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Heinz Feldmann

Dr. Feldmann graduated from Medical School and received his PhD in 1988 both from the University of Marburg, Germany. His postdoctoral research was conducted in the field of virology (filoviruses and hantaviruses) at the Philipps-University (Marburg, Germany) and the Special Pathogens Branch at the Centers for Disease Control and Prevention (Atlanta, USA). During his time in Marburg he was trained as an infectious disease specialist with focus on laboratory diagnostics. From 1999-2008, Dr. Feldmann held the position of Chief, Special Pathogens Program of the National Microbiology Laboratory, Public Health Agency of Canada (PHAC) (Winnipeg, Canada). Since 2008, he is the Chief, Laboratory of Virology at the Rocky Mountain Laboratories (RML), DIR NIAID, NIH (Hamilton, Montana), and the Chief Scientist of the RML BSL4 Laboratories. Heinz Feldmann is the laboratory expert on high containment viruses (BSL4) and serves as a consultant on viral hemorrhagic fevers and related pathogens for the World Health Organization and, thus, has field experience and expertise in outbreak management. He is a member of national and international professional societies, an editor for Archives of Virology, and serves on the editorial board of several virology journals. Dr. Feldmann is an external scientific reviewer for national and international organizations and serves as a scientific consultant for high containment laboratories. His professional interest is in the pathogenesis of hemorrhagic fever viruses, such as filoviruses, arenaviruses and bunyaviruses, and other special viral pathogens (high containment, BSL3 and BSL4). Dr. Feldmann was awarded with several honors including the ”˜Löffler-Frosch Award' from the German Society for Virology (DGV), the ”˜Dalrymple/Young Award' by the American Committee on Arthropod-Borne Viruses (ACAV), and the PHAC Research Merit Award.  

Emerging Zoonotic Viruses: Response and Preparedness

Numerous viral diseases have emerged and re-emerged over the past decades. Aside from many others, the so called ‘high containment’ viruses in particular are a threat to our public health systems  due to limited experience in case management and lack of appropriate resources. Many of these viruses are zoonotic in origin and remain a major challenge for animal and human health worldwide as evidenced by the emergence/re-emergence of influenza, SARS-CoV, Rift Valley fever virus and other exotic or more common pathogens. Many countries have established infectious disease centers with primary responsibility for disease surveillance, reference microbiology and quality assurance, preparedness and response to these threat agents. Rapid reference diagnostics is provided in most of these centers but on-site diagnostic capabilities are still underdeveloped and often hamper national and international outbreak investigations.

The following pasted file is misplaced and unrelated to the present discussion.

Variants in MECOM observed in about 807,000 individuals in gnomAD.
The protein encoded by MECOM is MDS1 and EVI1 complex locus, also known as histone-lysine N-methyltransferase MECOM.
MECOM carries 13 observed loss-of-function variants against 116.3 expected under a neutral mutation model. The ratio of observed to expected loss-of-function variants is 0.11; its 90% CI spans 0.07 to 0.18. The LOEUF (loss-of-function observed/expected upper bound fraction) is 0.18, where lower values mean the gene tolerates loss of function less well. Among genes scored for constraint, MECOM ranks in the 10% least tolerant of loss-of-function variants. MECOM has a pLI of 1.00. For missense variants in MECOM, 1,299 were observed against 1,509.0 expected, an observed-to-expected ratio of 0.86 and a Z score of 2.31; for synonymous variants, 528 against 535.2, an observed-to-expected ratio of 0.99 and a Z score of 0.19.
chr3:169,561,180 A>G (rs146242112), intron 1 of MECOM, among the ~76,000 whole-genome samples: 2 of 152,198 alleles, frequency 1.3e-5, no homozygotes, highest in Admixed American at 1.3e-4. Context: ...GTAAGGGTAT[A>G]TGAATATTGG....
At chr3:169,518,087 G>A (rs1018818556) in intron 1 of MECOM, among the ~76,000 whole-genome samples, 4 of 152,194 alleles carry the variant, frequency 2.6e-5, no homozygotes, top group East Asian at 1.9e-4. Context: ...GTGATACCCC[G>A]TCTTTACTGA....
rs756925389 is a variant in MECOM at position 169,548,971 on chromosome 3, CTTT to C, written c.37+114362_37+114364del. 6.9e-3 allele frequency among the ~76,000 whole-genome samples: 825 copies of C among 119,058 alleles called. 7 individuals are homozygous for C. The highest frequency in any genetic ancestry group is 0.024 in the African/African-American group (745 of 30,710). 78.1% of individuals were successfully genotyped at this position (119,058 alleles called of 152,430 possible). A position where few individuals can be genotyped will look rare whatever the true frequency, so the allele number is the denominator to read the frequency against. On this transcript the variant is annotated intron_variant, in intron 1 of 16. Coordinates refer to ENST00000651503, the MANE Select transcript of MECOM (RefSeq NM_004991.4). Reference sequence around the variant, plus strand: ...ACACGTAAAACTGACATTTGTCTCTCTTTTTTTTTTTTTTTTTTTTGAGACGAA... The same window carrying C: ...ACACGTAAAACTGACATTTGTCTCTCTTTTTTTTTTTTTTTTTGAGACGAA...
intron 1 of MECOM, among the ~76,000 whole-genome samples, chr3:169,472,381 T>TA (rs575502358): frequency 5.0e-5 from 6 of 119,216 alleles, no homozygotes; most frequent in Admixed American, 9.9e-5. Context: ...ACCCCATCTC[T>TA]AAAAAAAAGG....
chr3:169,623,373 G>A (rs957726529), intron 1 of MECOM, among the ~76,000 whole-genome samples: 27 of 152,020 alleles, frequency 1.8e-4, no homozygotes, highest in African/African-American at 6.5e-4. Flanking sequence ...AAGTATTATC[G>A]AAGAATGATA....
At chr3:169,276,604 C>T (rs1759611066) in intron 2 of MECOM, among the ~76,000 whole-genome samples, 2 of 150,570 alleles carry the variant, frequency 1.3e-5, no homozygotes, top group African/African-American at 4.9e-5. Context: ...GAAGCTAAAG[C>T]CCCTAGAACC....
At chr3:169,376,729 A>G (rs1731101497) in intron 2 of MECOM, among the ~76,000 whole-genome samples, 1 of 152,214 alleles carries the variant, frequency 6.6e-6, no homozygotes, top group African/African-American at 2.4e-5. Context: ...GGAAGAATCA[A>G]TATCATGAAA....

The animal/human health response mandate cannot be accomplished without a strong research component focused on pathogen biology, pathogenesis and immune response to provide the fundamental data and concepts for the development of antivirals, therapeutics and vaccines. Therefore, animal models that mimic disease become key elements for research operations. The reservoirs, if known, are often persistently infected with no or mild clinical symptoms and the distribution of the infectious diseases basically reflects the range and the population dynamics of the reservoir hosts. Studies in reservoir species are rare and animal models that mimic the reservoir host and the transmission of the pathogen to humans are limited. Small animal models, in particular the mouse, are the most feasible in high containment and they offer the most options for research due to greater access of immunological and genetic tools. However, their mimicry of human disease as well as their predictive value for therapeutic efficacy is often limited thereby making them, at best valuable initial screening tools for pathophysiology, treatment and vaccine studies. Future efforts need to focus on the development of more relevant small animal models through pathogen adaptation or by the use of genetically altered host or pathogen species. In parallel, the much needed immunological and genetic tools for new animal models need to be produced.

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